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Pak Beng Consultation Process Improved, But To What End?

The recent Pak Beng public forum illustrates regional engagement in the basin, especially about dam planning. But will the improved process translated into a more community and environmentally conscious project?

By Dr. Andrea Haefner, Adjunct Research Fellow, Griffith Asia Institute

Vientiane, Laos, May 9, 2017

Impressions from the 2nd Regional Stakeholder Forum on the Pak Beng dam

Last week, over 190 representatives from different interest groups including the Mekong River Commission’s (MRC) Secretariat, member countries, development partners, research institutes, media, private sector, and national and international NGOs attended the MRC’s 2nd regional stakeholder forum on the Pak Beng dam in Vientiane in the Lao People’s Democratic Republic (PDR).

The main emphasis of the meeting was to hear progress and responses on concerns raised in the 1st Regional Stakeholder Forum held in February 2017 and especially to learn more about the technical assessment findings from the MRC experts on various key topics including hydrology, navigation, water quality, fisheries and socio-economic issues of the planned Pak Beng dam.

The Regional Stakeholder meeting was the second forum this year as part of the Procedures for Notification, Prior Consultation and Agreement, or the PNPCA process, initiated by the MRC to allow the four member countries, the Lao PDR, Thailand, Vietnam and Cambodia to raise any concerns about the planned Pak Beng dam. The forum illustrates regional engagement in the basin, especially about dam planning. Dam construction is thriving in this region where hydropower is seen as a major source of income through revenues and as a source of renewable energy.

The Pak Beng dam will be the third mainstream dam in the Lower Mekong Basin after the Xayabouri and Don Sahong dams which are currently under construction in the Lao PDR.  The Pak Beng dam will be located in northern Laos, in Oundomxay Province and has a planned capacity of 912 MW. The PNPCA process for the Pak Beng dam started at the end of 2016.

Adopted by the MRC in 2003, PNPCA includes three different processes that vary on the type of river, season and scope of use: notification, prior consultation and a specific agreement. To date, 53 projects have been submitted to the MRC and its PNPCA; 50 projects were notification cases and 3 projects prior consultation cases.  The prior notification cases included the three proposed mainstream dams in the Lao PDR including the Xayaburi Dam, the Don Sahong Dam and the most recent submitted case, the Pak Beng Dam for which the PNPCA was initiated in December 2016.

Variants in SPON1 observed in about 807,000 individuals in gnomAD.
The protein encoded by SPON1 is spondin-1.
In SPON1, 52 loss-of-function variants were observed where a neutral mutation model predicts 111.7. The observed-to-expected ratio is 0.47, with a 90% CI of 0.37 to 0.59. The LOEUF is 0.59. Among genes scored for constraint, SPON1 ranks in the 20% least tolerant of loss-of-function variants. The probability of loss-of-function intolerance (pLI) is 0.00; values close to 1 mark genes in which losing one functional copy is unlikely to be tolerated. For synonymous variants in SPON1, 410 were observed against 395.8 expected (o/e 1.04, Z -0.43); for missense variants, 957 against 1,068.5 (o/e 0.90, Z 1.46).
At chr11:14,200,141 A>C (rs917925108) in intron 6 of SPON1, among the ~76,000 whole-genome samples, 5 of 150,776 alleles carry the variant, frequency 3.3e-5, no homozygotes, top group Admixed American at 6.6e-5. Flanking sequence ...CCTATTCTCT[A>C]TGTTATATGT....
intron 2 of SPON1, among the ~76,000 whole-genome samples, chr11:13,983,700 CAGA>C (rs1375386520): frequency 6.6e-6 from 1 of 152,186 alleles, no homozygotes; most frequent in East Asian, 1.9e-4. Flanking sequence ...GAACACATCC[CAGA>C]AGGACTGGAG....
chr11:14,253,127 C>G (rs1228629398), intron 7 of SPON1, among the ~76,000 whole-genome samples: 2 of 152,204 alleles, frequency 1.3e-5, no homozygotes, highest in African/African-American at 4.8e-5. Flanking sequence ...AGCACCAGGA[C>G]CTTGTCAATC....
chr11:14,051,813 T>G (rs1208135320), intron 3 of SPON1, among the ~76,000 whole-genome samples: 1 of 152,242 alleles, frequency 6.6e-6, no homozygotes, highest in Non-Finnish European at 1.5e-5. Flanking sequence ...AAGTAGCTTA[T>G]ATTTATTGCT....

The proposed Pak Beng dam site on the Mekong mainstream in Laos, Credit: Green News TV

Although no agreement was reached in the two previous PNPCA processes, as part of the PNPCA process around the Pak Beng dam, the subject of discussion at the 1st Regional stakeholder forum, the MRC has acknowledged some lessons learned.  These include the importance of releasing all of the received documents to the public in a timely matter; arranging consultation times earlier in the PNPCA process; translating the necessary documents into the riparian languages; including the developers in the process; and ensuring that roles and expectations of the process are clear.

However, although many of these improvements have been made in recent years and helped to improve the PNPCA, the key challenge remains the implementation of the outcome of the PNPCA into a unanimous decision by the JC or the Council. As the current PNPCA process showcases so far, it is unlikely that an even improved PNPCA process for the Pak Beng dam will have a different outcome and most likely will result in the decision being put back to the national diplomatic channels. This will put even more pressure on an already questioned organization that is challenged by a restructuring process and reduced funding.

Although it cannot influence the outcome of the PNPCA process and the decision of the riparian members in the JC or the Council, the MRC Secretariat is held accountable for the problems and challenges associated with it.

 

 

This is an original commentary piece submitted to The Mekong Eye. It represents the analysis and opinions of the writer only. You may republish this under Creative Commons licensing. 

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